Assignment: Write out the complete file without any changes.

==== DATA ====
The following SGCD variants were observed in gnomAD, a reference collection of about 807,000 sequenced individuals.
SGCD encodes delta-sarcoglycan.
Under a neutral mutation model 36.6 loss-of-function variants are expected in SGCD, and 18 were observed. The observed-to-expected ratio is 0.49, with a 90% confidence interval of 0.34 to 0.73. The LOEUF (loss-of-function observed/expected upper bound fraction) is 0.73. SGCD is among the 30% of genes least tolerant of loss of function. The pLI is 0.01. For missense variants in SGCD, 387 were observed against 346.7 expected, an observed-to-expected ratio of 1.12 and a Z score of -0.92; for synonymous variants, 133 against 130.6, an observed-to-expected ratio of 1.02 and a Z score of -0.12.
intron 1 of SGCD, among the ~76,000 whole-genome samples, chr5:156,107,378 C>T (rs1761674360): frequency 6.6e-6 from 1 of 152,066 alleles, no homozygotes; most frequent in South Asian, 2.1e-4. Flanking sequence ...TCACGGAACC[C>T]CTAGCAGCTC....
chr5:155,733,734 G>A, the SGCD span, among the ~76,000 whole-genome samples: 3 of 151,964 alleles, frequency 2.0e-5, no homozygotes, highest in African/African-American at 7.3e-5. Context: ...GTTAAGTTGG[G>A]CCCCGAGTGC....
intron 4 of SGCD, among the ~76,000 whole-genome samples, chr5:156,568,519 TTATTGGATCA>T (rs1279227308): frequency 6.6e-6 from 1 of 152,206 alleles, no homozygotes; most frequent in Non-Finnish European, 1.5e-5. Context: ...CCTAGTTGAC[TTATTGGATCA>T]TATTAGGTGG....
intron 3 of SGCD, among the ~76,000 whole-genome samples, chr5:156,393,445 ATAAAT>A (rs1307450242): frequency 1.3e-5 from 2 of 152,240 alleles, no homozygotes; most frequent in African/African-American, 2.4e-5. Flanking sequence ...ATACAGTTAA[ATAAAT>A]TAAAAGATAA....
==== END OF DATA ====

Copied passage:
The following SGCD variants were observed in gnomAD, a reference collection of about 807,000 sequenced individuals.
SGCD encodes delta-sarcoglycan.
Under a neutral mutation model 36.6 loss-of-function variants are expected in SGCD, and 18 were observed. The observed-to-expected ratio is 0.49, with a 90% confidence interval of 0.34 to 0.73. The LOEUF (loss-of-function observed/expected upper bound fraction) is 0.73. SGCD is among the 30% of genes least tolerant of loss of function. The pLI is 0.01. For missense variants in SGCD, 387 were observed against 346.7 expected, an observed-to-expected ratio of 1.12 and a Z score of -0.92; for synonymous variants, 133 against 130.6, an observed-to-expected ratio of 1.02 and a Z score of -0.12.
intron 1 of SGCD, among the ~76,000 whole-genome samples, chr5:156,107,378 C>T (rs1761674360): frequency 6.6e-6 from 1 of 152,066 alleles, no homozygotes; most frequent in South Asian, 2.1e-4. Flanking sequence ...TCACGGAACC[C>T]CTAGCAGCTC....
chr5:155,733,734 G>A, the SGCD span, among the ~76,000 whole-genome samples: 3 of 151,964 alleles, frequency 2.0e-5, no homozygotes, highest in African/African-American at 7.3e-5. Context: ...GTTAAGTTGG[G>A]CCCCGAGTGC....
intron 4 of SGCD, among the ~76,000 whole-genome samples, chr5:156,568,519 TTATTGGATCA>T (rs1279227308): frequency 6.6e-6 from 1 of 152,206 alleles, no homozygotes; most frequent in Non-Finnish European, 1.5e-5. Context: ...CCTAGTTGAC[TTATTGGATCA>T]TATTAGGTGG....
intron 3 of SGCD, among the ~76,000 whole-genome samples, chr5:156,393,445 ATAAAT>A (rs1307450242): frequency 1.3e-5 from 2 of 152,240 alleles, no homozygotes; most frequent in African/African-American, 2.4e-5. Flanking sequence ...ATACAGTTAA[ATAAAT>A]TAAAAGATAA....